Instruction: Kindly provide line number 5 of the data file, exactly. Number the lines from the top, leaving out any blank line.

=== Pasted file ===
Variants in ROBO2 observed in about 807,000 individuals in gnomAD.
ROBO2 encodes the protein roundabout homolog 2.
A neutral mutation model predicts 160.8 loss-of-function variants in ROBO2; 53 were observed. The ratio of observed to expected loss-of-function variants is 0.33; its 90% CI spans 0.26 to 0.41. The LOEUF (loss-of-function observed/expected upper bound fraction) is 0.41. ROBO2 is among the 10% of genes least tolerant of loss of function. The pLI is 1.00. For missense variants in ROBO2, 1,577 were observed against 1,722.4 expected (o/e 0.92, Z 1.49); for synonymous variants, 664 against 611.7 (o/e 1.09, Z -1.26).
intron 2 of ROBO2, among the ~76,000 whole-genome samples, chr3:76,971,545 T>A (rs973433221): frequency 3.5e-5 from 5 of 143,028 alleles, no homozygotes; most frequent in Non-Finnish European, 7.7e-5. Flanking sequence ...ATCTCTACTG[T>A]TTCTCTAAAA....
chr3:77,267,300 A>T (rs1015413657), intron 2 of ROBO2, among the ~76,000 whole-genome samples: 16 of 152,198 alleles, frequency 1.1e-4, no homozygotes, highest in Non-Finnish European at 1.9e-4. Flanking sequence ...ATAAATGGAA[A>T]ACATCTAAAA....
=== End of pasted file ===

chr3:77,267,300 A>T (rs1015413657), intron 2 of ROBO2, among the ~76,000 whole-genome samples: 16 of 152,198 alleles, frequency 1.1e-4, no homozygotes, highest in Non-Finnish European at 1.9e-4. Flanking sequence ...ATAAATGGAA[A>T]ACATCTAAAA....